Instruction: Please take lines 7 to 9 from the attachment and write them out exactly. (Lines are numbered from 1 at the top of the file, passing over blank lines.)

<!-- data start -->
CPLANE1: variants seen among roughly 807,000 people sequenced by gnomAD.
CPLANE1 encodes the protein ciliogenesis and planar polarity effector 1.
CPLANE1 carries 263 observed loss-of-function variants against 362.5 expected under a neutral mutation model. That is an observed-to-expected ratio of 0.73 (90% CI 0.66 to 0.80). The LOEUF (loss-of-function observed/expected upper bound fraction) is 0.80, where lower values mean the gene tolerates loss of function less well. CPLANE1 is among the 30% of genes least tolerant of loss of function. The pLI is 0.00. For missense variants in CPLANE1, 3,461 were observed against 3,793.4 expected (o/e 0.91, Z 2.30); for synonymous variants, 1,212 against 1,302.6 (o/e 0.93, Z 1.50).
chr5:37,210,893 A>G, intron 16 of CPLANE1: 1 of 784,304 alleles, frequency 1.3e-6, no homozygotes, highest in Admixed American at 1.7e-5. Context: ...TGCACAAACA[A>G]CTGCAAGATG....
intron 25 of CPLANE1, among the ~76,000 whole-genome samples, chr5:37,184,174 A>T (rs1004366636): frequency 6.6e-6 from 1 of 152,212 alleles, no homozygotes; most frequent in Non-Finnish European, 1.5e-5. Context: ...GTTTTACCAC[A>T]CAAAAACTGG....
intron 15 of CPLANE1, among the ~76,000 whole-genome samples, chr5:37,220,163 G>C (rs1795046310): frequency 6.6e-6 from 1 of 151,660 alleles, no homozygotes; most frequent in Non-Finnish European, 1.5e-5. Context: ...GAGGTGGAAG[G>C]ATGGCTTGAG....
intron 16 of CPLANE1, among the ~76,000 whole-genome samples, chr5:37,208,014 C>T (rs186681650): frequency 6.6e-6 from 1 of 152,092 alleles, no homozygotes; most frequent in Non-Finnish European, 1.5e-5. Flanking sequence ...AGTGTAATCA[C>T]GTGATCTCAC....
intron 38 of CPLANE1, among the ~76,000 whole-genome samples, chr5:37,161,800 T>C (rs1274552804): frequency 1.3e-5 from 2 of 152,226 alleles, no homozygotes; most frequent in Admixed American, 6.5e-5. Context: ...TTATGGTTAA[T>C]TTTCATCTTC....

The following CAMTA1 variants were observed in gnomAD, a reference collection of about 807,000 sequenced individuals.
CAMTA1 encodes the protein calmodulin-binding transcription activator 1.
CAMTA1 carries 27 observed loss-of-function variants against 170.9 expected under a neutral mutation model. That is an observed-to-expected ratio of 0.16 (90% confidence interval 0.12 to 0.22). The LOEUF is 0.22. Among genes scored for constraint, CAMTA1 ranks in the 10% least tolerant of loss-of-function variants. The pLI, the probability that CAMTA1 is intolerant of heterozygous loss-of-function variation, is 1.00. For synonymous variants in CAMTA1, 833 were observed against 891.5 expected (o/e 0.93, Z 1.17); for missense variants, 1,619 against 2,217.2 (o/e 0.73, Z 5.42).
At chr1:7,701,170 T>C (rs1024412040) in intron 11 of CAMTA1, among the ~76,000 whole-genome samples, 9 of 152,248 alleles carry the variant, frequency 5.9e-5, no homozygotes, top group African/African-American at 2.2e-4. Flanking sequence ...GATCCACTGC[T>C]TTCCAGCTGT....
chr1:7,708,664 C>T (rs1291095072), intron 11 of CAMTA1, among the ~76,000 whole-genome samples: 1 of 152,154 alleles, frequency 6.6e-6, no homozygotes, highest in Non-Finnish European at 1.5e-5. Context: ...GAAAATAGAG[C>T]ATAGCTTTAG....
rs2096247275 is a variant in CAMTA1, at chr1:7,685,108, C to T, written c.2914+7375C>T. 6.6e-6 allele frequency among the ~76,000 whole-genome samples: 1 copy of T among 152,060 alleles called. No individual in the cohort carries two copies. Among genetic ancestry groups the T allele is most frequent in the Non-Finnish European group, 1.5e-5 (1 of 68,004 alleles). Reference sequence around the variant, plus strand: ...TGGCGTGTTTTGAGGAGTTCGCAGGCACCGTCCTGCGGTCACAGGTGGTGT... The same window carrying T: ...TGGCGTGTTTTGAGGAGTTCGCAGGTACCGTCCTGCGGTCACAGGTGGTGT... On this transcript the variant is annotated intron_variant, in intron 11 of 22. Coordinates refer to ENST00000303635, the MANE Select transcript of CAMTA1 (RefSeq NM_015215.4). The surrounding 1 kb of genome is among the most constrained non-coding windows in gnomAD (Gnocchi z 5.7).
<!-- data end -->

intron 16 of CPLANE1, among the ~76,000 whole-genome samples, chr5:37,208,014 C>T (rs186681650): frequency 6.6e-6 from 1 of 152,092 alleles, no homozygotes; most frequent in Non-Finnish European, 1.5e-5. Flanking sequence ...AGTGTAATCA[C>T]GTGATCTCAC....
intron 38 of CPLANE1, among the ~76,000 whole-genome samples, chr5:37,161,800 T>C (rs1274552804): frequency 1.3e-5 from 2 of 152,226 alleles, no homozygotes; most frequent in Admixed American, 6.5e-5. Context: ...TTATGGTTAA[T>C]TTTCATCTTC....

The following CAMTA1 variants were observed in gnomAD, a reference collection of about 807,000 sequenced individuals.